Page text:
Sam Wo 2.0 slated to open 10/21 on Clay St.

Iconic drunk food emporium Sam Wo, which closed in 2012 after 105 years on Washington St., will soon be dispensing jook and noodles once again at the former location of Anna Bakery (715 Clay St.)

A ribbon-cutting is planned for October 21, but they may “soft open” as early as next Wednesday if all the permits are in place.

When I stuck my camera in the grating to take the picture below of the remodeled interior, the man in the background emerged to give me the scoop.


Nice. I remember eating there more than 12 years ago. (only once or twice though)

That doesn’t look like a kitchen, can’t be the first floor. :slight_smile: The original is among my memories of 1970s Chinatown. First place I ever tried wide rice noodles.

My memories go back to late 1962, when my wannabe Beatnik friends and myself would go there drunk and trade barbs with Edsel Ford Fong. (He could take it as well as he could dish it out).

It was actually at Sam Wo that I learned to use chopsticks, under duress. After my third or fourth visit there, Edsel refused to give me a fork. “You use fork too long,” he said. “You use chopsticks.” I took it as a sign that I was “in” at Sam Wo.

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More importantly, will this place be operated by the same people. I hope they did just buy the name from the previous owner.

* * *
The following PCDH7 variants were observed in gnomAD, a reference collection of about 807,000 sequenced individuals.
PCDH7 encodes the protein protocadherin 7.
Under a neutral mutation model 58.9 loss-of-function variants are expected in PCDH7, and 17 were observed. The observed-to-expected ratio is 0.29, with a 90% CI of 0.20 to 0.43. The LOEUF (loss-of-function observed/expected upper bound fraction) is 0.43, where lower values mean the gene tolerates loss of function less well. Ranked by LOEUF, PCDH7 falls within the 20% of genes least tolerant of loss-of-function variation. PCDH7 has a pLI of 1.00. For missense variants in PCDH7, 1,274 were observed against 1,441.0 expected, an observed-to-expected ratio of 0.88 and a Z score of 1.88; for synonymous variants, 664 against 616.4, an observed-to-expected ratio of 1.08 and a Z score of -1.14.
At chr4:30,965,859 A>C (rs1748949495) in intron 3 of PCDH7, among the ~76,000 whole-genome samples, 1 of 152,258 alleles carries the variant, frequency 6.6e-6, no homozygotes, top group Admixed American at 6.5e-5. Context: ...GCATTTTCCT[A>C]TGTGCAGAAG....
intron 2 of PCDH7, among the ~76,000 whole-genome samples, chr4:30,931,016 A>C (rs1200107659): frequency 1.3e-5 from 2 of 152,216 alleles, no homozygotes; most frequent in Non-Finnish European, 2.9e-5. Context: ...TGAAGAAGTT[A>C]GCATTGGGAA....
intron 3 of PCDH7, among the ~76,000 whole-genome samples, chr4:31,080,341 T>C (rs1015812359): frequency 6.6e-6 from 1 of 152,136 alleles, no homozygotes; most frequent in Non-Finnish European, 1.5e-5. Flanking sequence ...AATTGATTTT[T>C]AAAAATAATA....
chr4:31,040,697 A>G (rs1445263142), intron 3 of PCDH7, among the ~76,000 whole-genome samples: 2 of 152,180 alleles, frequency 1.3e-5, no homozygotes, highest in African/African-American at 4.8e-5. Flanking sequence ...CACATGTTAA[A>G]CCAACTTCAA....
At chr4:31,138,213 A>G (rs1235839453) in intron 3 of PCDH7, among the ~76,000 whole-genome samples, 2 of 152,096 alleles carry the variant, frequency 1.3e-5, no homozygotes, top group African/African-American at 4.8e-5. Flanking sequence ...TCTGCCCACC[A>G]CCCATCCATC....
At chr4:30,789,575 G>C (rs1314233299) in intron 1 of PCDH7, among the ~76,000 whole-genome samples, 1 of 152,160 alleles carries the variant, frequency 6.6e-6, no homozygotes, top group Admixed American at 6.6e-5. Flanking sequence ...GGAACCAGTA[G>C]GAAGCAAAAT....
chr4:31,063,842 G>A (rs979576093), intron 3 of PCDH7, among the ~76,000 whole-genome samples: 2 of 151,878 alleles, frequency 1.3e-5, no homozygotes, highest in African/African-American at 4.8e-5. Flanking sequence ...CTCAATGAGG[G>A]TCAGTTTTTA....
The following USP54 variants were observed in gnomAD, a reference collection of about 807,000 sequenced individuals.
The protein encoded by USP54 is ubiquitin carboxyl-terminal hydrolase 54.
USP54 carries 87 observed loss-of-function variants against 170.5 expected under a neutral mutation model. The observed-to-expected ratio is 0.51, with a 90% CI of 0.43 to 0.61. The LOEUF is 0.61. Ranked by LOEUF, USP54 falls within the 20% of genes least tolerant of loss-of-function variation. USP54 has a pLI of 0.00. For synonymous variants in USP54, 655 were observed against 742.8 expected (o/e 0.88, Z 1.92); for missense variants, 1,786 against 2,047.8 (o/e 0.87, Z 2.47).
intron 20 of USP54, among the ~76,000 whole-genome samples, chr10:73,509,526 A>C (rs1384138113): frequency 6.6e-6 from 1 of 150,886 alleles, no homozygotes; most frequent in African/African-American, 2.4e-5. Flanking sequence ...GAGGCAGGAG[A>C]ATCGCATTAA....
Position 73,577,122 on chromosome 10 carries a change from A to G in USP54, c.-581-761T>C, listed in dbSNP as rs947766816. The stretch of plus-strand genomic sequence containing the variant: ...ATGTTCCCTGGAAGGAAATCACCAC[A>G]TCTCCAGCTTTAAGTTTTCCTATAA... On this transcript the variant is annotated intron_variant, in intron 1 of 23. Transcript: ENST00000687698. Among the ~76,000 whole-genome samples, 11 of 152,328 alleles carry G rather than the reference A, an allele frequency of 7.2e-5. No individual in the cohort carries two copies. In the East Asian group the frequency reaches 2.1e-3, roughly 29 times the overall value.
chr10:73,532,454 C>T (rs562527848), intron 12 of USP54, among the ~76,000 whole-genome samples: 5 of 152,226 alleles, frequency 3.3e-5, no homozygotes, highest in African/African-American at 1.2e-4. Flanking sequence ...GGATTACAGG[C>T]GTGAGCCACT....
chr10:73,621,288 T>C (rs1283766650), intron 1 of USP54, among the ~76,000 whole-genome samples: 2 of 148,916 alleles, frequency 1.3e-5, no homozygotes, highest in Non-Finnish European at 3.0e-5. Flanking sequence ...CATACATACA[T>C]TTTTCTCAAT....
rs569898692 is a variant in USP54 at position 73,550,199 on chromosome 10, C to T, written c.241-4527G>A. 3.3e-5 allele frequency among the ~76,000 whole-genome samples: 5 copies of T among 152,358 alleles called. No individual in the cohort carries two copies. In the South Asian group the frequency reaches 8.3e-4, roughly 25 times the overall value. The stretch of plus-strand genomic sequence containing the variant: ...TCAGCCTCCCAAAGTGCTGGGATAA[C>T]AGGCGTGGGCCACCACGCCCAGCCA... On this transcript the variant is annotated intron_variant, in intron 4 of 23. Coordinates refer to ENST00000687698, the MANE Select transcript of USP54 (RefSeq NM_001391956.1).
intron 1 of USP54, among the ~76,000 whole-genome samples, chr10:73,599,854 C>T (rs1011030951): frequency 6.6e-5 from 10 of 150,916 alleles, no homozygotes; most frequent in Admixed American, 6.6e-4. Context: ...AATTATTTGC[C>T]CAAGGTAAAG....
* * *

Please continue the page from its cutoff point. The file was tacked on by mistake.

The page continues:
I read this title and thought “wait a minute, didn’t I know this place?” Of course I did having moved to SF in '76. Look forward to hearing about the food. Hope to be back in the city at the end of the year. Thanks.

It’s the same family. The place was never really known for its food though, but for its history and grungy atmosphere.

According to their website, they are looking for the new “world’s rudest waiter” which strikes me as a dumb idea. There will only be one Edsel Ford Fung, ever, and he is gone.

I walked by tonight and they appeared to be having a training session going on, so they may indeed have a soft opening soon.

I don’t know what to think of the new place. It certainly looks better, but it loses a lot of its charm. I remember the place for being incredible inexpensive.

I started going there during the Presidential primary campaign in 1971. I was a young volunteer working for the McGovern campaign. I would finish making that day’s flyers for press releases and rallies on a Gestetner duplicator at about midnight. We would walk over the hill into Chinatown to eat dinner at Sam Wo. I remember those tiny tables and small windows. The noodles were competently made, cheap and hot out of the wok. Only later did I learn about the fish salads. I remember the waiter was brusque but he didn’t bother us, we were too tired to be good fun.